Treasury note and bond prices were sharply higher yesterday morning, but uncertainty about the nation's monetary policy mixed as retail profit taking dragged prices lower.

The government market got an overnight boost after the Bundesbank, Germany's central bank, cut its discount rate 50 basis points to 8 1/4%, and the Lombard rate, equivalent to the Fed funds rate, 25 basis points to 9 1/2%.

London-based traders said the move gave the dollar a boost and placed the U.S. Federal Reserve in a better position to cut the discount rate by 50 basis points, and lower the funds rate an additional 25 basis points.

With that news in hand, government note and bond prices spiked to as much as 3/4 point higher, with the yield on the long bond bottoming out at 7.23%.

As the day wore on, the rationale for the Bundesbank's cut caused concern in the government market.

"One reason that the German bank may have enacted the cut was to begin the process of stimulating global economic growth," said William Sullivan, senior vice president and director of money market research at Dean Witter Reynolds Inc. "This created some concern for the Treasury market."

"The move cleared the way for the Fed to act." said a London bond trader. "But I suspect that more weak economic news is needed for that to happen."

There were no major economic releases yesterday, and the Fed continued along a cautious path before today's slate of economic releases.

This morning, August retail sales and the August consumer price index are released.

Eleven economists surveyed by The Bond Buyer said that retail sales should be unchanged for the month and consumer prices will rise only 0.2% total and 0.2% at the core minus food and energy costs.

"Those numbers suggest that the economy is still performing very sluggishly," said Paul Kasriel, economist at Northern Trust Securities Inc. "If the numbers come in like that, then the Fed will certainly have the opportunity to ease. "

Mr. Kasriel said many investors were surprised by the Fed's last funds rate cut. He maintains there are two factors suggesting further easing.

"First of all, the last ease really had no effect. The banks didn't cut their prime rate and the markets did not react," he said. "Secondly, there is no crime in the Fed lowering the funds rate to 2 3/4%, and then raising it soon after."

Mr. Sullivan continued, "The real question about the next Fed action is not so much if, but when, they will act. They may choose to keep their powder dry until the October round of indicators kicks in."

Both Mr. Sullivan and Mr. Kasriel said the longer the Fed holds off on another move, the greater the chances are the next ease could be a 50-basis point cut for both the funds and the discount rate.

"With the next cut, the Fed would definitely want to produce a lowering of the prime rate," said Mr. Sullivan.

Mr. Sullivan said, though, that the next move by the Fed "would probably" be a 25 basis point cut in the funds rate, and 50 basis points on the discount rate.

Mr. Kasriel said that by refusing to act more aggressively immediately following the August employment numbers, the Fed may have "dug itself into a very dangerous hole. "

"It's very difficult to understand the mind of the Fed," he said. "With the dollar showing renewed vigor, U.S. exports will be weaker, and drag the economy further down. They may have no choice but to case. "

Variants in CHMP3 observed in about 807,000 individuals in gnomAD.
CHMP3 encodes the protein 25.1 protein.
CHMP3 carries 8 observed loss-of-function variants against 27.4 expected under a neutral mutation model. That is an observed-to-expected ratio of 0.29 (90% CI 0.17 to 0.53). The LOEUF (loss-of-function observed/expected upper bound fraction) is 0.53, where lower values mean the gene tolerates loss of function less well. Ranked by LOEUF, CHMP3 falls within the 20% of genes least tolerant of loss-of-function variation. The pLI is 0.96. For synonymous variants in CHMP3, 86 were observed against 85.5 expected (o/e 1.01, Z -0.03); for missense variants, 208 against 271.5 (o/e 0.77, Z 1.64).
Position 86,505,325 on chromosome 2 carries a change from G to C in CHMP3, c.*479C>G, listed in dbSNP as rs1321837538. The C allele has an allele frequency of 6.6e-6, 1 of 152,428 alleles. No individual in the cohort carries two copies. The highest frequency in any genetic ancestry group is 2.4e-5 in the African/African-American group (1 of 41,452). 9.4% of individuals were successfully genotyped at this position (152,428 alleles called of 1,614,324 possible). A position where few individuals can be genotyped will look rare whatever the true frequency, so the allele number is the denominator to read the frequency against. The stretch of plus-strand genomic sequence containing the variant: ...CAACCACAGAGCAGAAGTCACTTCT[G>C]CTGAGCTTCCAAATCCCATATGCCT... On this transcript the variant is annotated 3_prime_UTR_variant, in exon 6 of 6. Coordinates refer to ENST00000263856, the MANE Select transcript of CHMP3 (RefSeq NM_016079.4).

Mr. Kasriel warned that the current unpredictability of the dollar's performance makes it an unreliable benchmark for monetary decisions.

Mr. Sullivan said another factor capping the gains made in the Treasury market is the uncertainty of the November presidential election.

"With his re-election in doubt, President Bush is akin to a drunken sailor on liberty." he said. "All means of fiscal stimulus are being investigated before the election."

The Treasury sold $21.26 billion of 91-day and 182-day bills yesterday, as the three-month bills incurred an average rate of 2.89%, down from 2.91 % in the previous auction - the lowest since the average of 2.88% on April 22, 1963. The six-month bills incurred a 2.90% rate, down from 2.95% - the lowest since the average of 2.86% on Dec. 10, 1962.

A note trader said that the Treasury market got off to "a rollicking start," but then settled down after the Fed announced no major shift in policy, by offering three-day system repurchase agreements when funds were trading at 3 3/16%.

"We really died after noon," said the head of a trading desk. "We settled into a range and there were very few blocks moved after that."

"Although we came off our highs, the market still had a firmer tone," the note trader said. "Most of the selling was done by retail investors."

The December bond futures contract closed up 12/32, to 106 9/32.

In the cash market, the 7 1/4% 30- year bond was 14/32 higher at 99 27/32-99 31/32, to yield 7.25%.

The 6 3/8% 10-year note rose 3/8, to 100 12/32-100 16/32, to yield 6.30%.

The three-year 4 5/8% note was up 1/4, at 100 29/32-100 31/32, to yield 4.26%.

Rates on Treasury bills were lower with the three-month bill down three basis points to 2.94%, the six-month bill was down four basis points to 2.97%. and the year bill was down six basis points to 3.09%.

Treasury Market Yields

Prev. Prev.

Monday Week Month

3-Month Bill 2.94 2.95 3.11

6-Month Bill 2.97 3.00 3.24

1-Year Bill 3.09 3.11 3.36

2-Year Note 3.76 3.78 4.06

3-Year Note 4.26 4.25 4.62

5-Year Note 5.24 5.18 5.49

7-Year Note 5.80 5.74 6.03

10-Year Note 6.30 6.28 6.52

30-Year Bond 7.25 7.21 7.35

Source: Cantor, Fitzgerald/Telerate

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